Why we are such terrible judges of the relationship between price and quality
Past research has demonstrated that both experts and novices make notoriously poor judgments. A new study from the Journal of Consumer Research examines the mental processes behind our flawed assessments, a recurring issue in many areas of consumer research as well as in other areas of psychology and psychiatry. When it comes to the relationship between price and quality, Arul Mishra and Dhananjay Nayakankuppam (University of Iowa) argue that rather than an insensitivity to data – poor calibration – human judges are simply inconsistent.
"The results of this study clearly suggest that a lack of consistency is as much to blame for poor judgments as poor calibration (using the wrong model, wrong cues or wrong weights)," explain Mishra and Nayakankuppam. "There may not even be a method to the madness."
When predicting the quality of a product from its price, consumers tend to switch between two models. The first correlates higher prices to higher quality, accounting for more expensive raw materials or for a more rigorous development process. For example, we may justify the higher cost on a cashmere sweater because of an idea that cashmere yarn is more expensive than other yarn or pay more for organic products with the idea that they require more quality control.
However, higher prices can also indicate lower quality, with consumers focusing on price gouging and corporate greed. Mishra and Nayakankuppam propose and document a novel reason for poor judgment quality. They find that humans tend to utilize causal stories about how cues and qualities are related, rather than actual observable patterns. When there is little clarity about the causal mechanism and the absence of a relevant causal story, we turn to other factors to make judgments.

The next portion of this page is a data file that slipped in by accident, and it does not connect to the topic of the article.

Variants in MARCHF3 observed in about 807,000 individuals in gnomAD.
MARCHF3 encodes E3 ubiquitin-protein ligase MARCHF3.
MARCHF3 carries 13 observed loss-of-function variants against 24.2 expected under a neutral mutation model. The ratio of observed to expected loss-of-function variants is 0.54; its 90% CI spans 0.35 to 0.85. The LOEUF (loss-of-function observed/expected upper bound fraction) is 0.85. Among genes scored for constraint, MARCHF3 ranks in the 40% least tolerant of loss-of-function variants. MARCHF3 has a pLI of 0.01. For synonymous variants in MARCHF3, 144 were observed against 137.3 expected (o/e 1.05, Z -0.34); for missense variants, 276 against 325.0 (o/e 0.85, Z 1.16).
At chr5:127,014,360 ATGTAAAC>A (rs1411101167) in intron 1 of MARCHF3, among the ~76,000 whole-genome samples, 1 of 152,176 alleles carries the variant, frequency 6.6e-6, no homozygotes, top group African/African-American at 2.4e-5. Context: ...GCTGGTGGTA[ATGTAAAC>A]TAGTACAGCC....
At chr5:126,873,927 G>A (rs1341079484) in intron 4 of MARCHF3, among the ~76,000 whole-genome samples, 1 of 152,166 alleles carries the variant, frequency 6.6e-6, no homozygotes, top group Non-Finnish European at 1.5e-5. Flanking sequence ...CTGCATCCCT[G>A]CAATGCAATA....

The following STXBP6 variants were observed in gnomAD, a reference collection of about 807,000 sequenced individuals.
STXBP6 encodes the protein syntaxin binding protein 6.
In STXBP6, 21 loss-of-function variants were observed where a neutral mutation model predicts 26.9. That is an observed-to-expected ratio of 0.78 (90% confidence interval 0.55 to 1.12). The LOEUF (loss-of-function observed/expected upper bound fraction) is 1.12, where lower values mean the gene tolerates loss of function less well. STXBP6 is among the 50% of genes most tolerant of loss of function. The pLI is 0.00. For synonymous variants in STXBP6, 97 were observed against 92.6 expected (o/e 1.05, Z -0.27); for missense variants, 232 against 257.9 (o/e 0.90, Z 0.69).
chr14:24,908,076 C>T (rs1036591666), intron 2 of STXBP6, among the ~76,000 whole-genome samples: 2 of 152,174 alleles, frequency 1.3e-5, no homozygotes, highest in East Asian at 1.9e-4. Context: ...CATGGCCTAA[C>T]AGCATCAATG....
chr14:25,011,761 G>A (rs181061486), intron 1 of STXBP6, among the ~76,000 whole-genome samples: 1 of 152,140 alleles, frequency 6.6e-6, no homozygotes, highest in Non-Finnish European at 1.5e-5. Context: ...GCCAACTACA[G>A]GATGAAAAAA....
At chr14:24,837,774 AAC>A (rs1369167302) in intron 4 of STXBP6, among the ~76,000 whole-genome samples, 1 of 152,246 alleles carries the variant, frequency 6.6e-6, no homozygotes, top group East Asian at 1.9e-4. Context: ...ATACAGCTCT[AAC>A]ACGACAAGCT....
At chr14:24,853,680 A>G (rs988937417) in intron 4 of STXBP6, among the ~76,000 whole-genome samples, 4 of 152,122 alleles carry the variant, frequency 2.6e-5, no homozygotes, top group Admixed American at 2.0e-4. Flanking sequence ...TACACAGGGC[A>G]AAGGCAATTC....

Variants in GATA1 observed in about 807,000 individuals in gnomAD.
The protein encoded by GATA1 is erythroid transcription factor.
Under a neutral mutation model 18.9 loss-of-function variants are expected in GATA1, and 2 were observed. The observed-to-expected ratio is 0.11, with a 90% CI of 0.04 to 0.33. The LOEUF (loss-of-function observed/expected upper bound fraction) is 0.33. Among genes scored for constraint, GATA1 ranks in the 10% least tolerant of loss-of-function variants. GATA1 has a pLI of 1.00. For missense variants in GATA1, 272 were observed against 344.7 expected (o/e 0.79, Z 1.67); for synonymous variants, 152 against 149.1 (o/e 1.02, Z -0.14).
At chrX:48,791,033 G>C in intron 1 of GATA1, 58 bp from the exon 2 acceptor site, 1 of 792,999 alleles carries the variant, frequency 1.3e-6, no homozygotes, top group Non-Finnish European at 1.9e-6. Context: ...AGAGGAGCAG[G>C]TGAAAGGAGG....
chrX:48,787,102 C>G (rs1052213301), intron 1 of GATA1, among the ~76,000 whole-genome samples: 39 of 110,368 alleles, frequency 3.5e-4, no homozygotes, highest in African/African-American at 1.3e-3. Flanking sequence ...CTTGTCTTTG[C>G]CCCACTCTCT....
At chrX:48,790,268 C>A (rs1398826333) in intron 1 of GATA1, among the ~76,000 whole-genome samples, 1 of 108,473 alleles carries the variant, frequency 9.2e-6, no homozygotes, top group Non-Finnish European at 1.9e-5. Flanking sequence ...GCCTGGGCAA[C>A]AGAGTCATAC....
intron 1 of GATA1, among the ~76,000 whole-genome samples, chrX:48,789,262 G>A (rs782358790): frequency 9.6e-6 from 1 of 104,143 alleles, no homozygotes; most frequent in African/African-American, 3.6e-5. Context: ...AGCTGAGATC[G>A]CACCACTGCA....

"The work has implications for managers as well as policy," write the authors. "Much of marketing relies upon inferences made by consumers – about creating associations in consumers' minds. So understanding these inferential processes can be crucial."
Arul Mishra and Dhananjay Nayakankuppam, "Consistency and Validity Issues in Consumer Judgments." Journal of Consumer Research: Dec. 2006.
Last reviewed: By John M. Grohol, Psy.D. on 30 Apr 2016
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